- The Washington Times - Saturday, September 2, 2006

There was a time not that long ago when any discussion of the best football programs outside the power conferences included East Carolina.

From 1991 to 2000, the Pirates won at least seven games six times, including an 11-1 mark and top 10 ranking in 1991. Before there was a BCS and prognosticators thought up terms like “BCS-Busters” for teams such as Utah and Fresno State, East Carolina was the dangerous mid-major team that would play any team anywhere.

The program started to slide in coach Steve Logan’s final two years, and he was fired after the 2002 season. Former Florida defensive coordinator John Thompson won three games in two years before resigning.

Athletic director Terry Holland turned to Skip Holtz, the son of a coach who made a career out of rebuilding programs.

“I don’t care if I am Lou Holtz’s son or George Bush’s son, if we don’t win enough games I won’t be here,” said Holtz, who was an assistant under his dad at Notre Dame and South Carolina. “But to be able to work with people like Lou Holtz and Bobby Bowden [with Florida State as a graduate assistant], it helps mold you as a football coach and it can’t help but make you a better coach.”

Holtz has plenty of job security heading into the 2006 season, which the Pirates open today at Navy-Marine Corps Memorial Stadium against the Midshipmen. After two horrific seasons with Thompson in charge, Holtz breathed life into the program last year.

“You talk to people around here and everybody has a different reason for [what went wrong],” Holtz said. “The pride was gone. The confidence was gone. It wasn’t the same program people around the country think of when they see ECU.”

East Carolina won five games last fall, and gave West Virginia a scare in Morgantown. Holtz preached a new attitude and stability in Greenville, N.C.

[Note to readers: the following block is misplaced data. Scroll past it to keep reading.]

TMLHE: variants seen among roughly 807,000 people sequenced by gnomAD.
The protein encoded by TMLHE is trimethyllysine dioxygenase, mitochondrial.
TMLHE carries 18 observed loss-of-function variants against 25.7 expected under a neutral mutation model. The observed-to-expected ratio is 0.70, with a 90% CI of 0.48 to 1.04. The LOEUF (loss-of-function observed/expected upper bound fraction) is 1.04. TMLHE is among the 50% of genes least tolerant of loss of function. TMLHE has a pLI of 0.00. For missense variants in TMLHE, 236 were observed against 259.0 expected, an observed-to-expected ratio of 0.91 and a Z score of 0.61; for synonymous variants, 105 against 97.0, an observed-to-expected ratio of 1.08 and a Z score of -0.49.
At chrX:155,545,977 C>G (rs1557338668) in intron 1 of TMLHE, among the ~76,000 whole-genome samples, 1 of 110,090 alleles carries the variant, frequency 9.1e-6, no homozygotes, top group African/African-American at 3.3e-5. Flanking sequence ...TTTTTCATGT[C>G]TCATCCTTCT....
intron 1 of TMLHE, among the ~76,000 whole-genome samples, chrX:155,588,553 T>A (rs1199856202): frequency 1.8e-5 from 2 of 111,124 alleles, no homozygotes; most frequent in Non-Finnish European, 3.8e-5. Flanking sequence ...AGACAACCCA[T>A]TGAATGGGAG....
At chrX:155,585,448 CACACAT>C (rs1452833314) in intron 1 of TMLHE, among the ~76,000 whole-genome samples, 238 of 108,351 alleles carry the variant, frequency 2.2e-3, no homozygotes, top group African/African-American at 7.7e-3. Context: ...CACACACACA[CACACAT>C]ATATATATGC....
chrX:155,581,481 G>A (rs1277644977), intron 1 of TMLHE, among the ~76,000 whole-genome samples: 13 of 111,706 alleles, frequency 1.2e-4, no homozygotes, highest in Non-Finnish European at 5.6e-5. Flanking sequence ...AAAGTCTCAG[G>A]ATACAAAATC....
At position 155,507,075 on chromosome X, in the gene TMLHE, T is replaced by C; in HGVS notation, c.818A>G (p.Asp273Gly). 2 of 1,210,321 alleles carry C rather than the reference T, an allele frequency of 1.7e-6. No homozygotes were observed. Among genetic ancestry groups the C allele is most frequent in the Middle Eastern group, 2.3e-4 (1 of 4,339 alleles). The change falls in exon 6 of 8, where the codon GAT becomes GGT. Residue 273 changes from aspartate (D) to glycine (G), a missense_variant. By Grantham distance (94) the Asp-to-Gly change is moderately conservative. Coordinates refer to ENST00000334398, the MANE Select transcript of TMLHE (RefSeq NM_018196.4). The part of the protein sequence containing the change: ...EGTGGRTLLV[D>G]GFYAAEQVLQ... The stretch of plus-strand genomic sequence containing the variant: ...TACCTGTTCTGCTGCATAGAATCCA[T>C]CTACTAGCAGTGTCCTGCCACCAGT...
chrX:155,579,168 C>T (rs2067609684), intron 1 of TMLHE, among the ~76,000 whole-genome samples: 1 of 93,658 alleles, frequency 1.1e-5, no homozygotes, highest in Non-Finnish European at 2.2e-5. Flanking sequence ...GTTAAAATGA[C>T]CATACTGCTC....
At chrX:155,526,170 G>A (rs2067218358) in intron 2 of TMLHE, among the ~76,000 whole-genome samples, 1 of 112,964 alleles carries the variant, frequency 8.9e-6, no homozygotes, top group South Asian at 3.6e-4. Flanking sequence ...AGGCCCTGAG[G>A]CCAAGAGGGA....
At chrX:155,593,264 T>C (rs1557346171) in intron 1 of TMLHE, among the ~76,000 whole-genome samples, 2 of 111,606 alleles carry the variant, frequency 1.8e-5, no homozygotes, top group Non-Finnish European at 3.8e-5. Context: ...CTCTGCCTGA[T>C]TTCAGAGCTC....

Some of his players are on their third head coach and have had four coordinators.

There were also issues in the classroom. Holtz said the team’s cumulative grade point average was about 2.0, the minimum to remain eligible. One year into the rebuilding plan, the team’s GPA had climbed to 2.5.

A strong finish last year (wins at Marshall and against Alabama-Birmingham) and positive reviews from the recruiting season have helped Holtz start to build momentum in Greenville.

This season’s schedule could pose trouble for the Pirates to take another step forward. East Carolina’s nonconference slate starts with the Mids and includes home dates with West Virginia and Virginia as well as a season-ending trip to N.C. State.

“The bar has been raised,” Holtz said. “I don’t know if we are ready to compete at that level, but it is where we want to be. We could be a lot better this year and not win as many games.”

East Carolina will be young this season as some of Holtz’s recruits from last year earn more playing time. Holtz does have a pair of senior offensive stars to lean on in quarterback James Pinkey and wide receiver Aundrae Allison.

Pinkey’s career numbers could end up surpassing or comparing favorably to past Pirates greats like Jeff Blake and David Garrard. Allison had 83 catches and a school-record 1,024 yards last season.

The duo will be a stern test for the Mids’ pass defense, which was shaky at times last season.

“They have an excellent quarterback with a strong arm and he knows where to go with the ball,” Navy defensive coordinator Buddy Green said. “Allison has tremendous speed and great hands. He is one of the best receivers we will play all year long. It will be a great test for us.”

Holtz sees Navy as a model for his program to build toward. Paul Johnson’s group has been to bowl games in three straight seasons, while Holtz was quick to point out the Pirates haven’t defeated a bowl team in three years.

It does appear East Carolina is moving in the right direction in Holtz’s second season, especially considering the Pirates went 2-0 against Army and 1-20 against everyone else in the short-lived Thompson era.

When Holland was looking for a new coach, he had a “wish list” of qualities in mind. They included head coaching experience (Holtz was at Connecticut and faced Johnson’s Georgia Southern squad in the 1-AA playoffs), a knowledge of important East Carolina recruiting areas, an ability to communicate a vision for East Carolina football and contagious enthusiasm and energy.

“We got all that and more,” Holland said.

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